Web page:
Trip looked up from his desk and tried to keep from staring. She had actually sought him out.
“’Thought you were avoiding me.” He said half jokingly, hoping it would mask whatever else he was feeling at the moment. T’Pol didn’t respond to that, and in the shadows it was impossible to discern any shift in facial expression.
“This is the rest of the data from the lunar colony. It may provide useful if you are having difficulty with the modifications we made.” She handed the PADD to him, her voice soft. Trip nearly winced to hear her speak in that hushed tone; it was the same one that still occupied his dreams.
“Nah, that’s all right. Schematics, whether they’re Vulcan or Human are pretty much the same,” he nodded towards her, gently smiling, “logic and all that.”
She didn’t even raise an eyebrow as she replied, “Indeed.” She turned on her heel and left the office, closing the door behind her. Trip rubbed the heels of his hands into his eye sockets.
What he would have given for just a raised eyebrow.
He glanced down at the PADD, its surface glowing and punctuated with blinking squares across the bottom.
It finally hit him then, at that very moment when he mourned the loss of that enigmatically raised eyebrow. She was gone. The T’Pol that had just left his office was not the woman he’d once cared for. Hell, maybe even loved. I’ve spent way too much time chasing a dream, he realized. He pushed himself away from the desk and went out to his beloved albeit obsolete warp core and decided to treat this mission like what it was: closure. On so many levels, this was closure. Or at least, he amended, it was going to be.
T’Pol, instead of returning to the activity of the bridge, decided to finish her work from her quarters. Perhaps it had not been wise to visit Mr. Tucker. No, do not think that way, she admonished herself. She stood straighter and quickened her steps. She kept her mind purposefully blank, knowing that any number of the thoughts that were vying for prominence would have unpleasant effects. Once reaching her quarters, she took a few deep meditative breaths. I can do this, she told herself. Even at that moment, she knew it was not the work that lay so logically organized on the PADD that she was thinking of.
A chance glance at the monitor provided the necessary respite from herself. She examined it closer, and was surprised to discover a deviation in the projected path of Columbia from the actual path the ship had taken. She settled herself into her chair and almost with a sigh of relief, began to apply logical thought to the problem at hand.
Yet it seemed logic was not coming easily to her today. Thirty minutes into her analysis, she still could not find a logical reason for such a discrepancy between the ion trail and the projected course of the other craft. Worse, as Enterprise’s sensors swept ahead, it was becoming significantly more difficult for the computer to isolate the trail. There were a number of other ion trails polluting the one she was tracing, and that information by itself was enough to raise a flag. Another half hour of intense scrutiny brought her to a halt. Just three and a half days away from the lunar colony, the Columbia’s decaying plasma trail ceased to continue.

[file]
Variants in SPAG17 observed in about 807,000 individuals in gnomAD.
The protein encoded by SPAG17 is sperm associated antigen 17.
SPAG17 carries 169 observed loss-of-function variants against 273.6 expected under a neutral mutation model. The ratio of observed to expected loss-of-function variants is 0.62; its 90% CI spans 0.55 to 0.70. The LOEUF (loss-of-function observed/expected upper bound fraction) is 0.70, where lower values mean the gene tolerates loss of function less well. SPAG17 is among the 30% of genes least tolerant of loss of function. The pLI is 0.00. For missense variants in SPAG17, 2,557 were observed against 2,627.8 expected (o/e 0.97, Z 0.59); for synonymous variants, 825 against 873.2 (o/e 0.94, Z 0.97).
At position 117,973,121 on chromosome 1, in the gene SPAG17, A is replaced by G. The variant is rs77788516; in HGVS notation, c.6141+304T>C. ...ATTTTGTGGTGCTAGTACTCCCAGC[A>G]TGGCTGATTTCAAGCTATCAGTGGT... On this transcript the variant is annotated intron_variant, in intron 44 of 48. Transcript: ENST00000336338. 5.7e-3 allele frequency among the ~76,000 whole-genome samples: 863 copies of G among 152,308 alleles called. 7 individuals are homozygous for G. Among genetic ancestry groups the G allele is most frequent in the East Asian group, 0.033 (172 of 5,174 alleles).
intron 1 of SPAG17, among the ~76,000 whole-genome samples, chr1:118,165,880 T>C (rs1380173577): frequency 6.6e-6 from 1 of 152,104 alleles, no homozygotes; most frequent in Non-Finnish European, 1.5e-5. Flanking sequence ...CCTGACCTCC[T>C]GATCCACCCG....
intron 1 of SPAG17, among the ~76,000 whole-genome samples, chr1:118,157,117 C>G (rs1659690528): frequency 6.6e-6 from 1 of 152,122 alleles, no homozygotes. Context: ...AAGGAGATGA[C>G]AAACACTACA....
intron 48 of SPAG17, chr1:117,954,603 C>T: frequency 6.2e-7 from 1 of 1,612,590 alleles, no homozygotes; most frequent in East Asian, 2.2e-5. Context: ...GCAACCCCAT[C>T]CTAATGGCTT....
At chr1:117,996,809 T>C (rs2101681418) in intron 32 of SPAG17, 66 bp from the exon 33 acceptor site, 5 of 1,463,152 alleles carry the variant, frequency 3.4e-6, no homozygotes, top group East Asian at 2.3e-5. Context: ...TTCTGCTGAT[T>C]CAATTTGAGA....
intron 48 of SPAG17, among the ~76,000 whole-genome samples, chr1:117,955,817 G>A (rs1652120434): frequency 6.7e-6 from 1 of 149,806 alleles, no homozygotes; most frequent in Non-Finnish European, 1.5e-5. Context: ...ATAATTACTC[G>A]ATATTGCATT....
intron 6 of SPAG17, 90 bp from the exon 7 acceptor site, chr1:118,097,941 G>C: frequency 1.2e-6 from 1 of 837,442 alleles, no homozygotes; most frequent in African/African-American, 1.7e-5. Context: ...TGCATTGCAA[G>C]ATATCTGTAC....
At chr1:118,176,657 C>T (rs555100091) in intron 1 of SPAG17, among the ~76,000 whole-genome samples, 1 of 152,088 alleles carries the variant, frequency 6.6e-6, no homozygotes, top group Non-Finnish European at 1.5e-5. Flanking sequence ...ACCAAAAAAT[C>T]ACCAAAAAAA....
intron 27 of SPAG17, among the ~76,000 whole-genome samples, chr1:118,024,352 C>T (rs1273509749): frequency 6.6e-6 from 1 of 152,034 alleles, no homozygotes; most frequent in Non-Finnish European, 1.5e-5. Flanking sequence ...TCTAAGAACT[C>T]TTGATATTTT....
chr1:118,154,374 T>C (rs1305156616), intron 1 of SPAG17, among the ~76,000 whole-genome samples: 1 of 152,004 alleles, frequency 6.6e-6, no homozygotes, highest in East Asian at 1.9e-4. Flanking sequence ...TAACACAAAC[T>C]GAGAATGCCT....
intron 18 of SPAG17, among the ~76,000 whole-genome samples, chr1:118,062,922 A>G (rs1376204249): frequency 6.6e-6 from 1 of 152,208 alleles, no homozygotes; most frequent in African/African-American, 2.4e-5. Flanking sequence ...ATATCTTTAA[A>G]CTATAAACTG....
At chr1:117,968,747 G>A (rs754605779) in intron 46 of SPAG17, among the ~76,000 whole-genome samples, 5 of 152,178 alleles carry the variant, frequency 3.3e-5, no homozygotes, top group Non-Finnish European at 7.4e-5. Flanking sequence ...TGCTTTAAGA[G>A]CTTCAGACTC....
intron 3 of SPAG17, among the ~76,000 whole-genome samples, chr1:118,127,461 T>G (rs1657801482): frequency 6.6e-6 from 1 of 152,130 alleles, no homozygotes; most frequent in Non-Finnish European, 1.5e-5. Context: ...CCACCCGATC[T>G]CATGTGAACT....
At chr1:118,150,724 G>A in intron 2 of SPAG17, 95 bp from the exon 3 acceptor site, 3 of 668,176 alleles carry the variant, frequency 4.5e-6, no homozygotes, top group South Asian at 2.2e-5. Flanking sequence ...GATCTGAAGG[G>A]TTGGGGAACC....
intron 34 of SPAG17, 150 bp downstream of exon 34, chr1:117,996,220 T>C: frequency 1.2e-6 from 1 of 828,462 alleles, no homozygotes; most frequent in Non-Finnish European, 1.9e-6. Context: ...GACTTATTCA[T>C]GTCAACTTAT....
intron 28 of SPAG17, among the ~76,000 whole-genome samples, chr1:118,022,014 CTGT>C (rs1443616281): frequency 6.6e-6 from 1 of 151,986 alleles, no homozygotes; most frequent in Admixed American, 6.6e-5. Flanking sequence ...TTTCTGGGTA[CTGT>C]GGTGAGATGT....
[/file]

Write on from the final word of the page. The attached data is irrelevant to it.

T’Pol checked the chronometer in the corner of her monitor and decided pay a visit to Archer. He was in his quarters when she arrived, the worn water polo ball on the crook of his arm. Glancing around the stateroom, T’Pol was awash in memories again. She instinctively braced herself for the pungent aroma of Porthos, and felt a strange sadness when she realized he was probably dead.
“What’s going on?” Archer asked, his face no longer sporting the strange expression from that morning. At the moment, he looked like the friend she had once cherished so much. The friend she had not allowed herself to miss.
“It’s the plasma trail.” She explained, handing the PADD to him. As he took it, she thought about putting her hands behind her back, but instead let them rest at her sides. Archer frowned as he looked over the information.
“This makes no sense.” He said, echoing her sentiments. “Why does it start to waver and get fainter, and then just all of the sudden disappear?” he looked up at her from his bed, as though she had the answers.
“I don’t know.” She answered. “However, the presence of the other ion trails may have something to do with it.”
Archer nodded, and then said “this is what, two days away?”
“At our present speed, yes.”
He nodded, rising slowly. T’Pol was almost hoping he would start to pace, but he merely remained standing in front of her. “Tell Ensign Pallavi to increase speed to Warp 4.5.”
T’Pol’s eyebrow climbed her forehead, and Archer tried to suppress a smile.
“Captain Tucker won’t be happy.” She said quietly. Archer laughed.
“No, he definitely won’t. Maybe you should make sure those modifications your team made don’t have any unexpected effects, or else he might make up some brand new phrases.” He suggested behind a half smile. She rewarded him with another patented T’Pol look; this one of mild reproach. She took the proffered PADD from him and left, heading down to engineering once more.
Except Trip wasn’t there anymore. She checked the mess hall but when she saw he wasn’t there either, knew there was only one other place he could be. She was able to get to his quarters, but found herself strangely unable to press the chime that would announce her presence. A tendril of panic crept into her spine, but she shook it off and steeled herself. She would not allow emotion to compromise her again.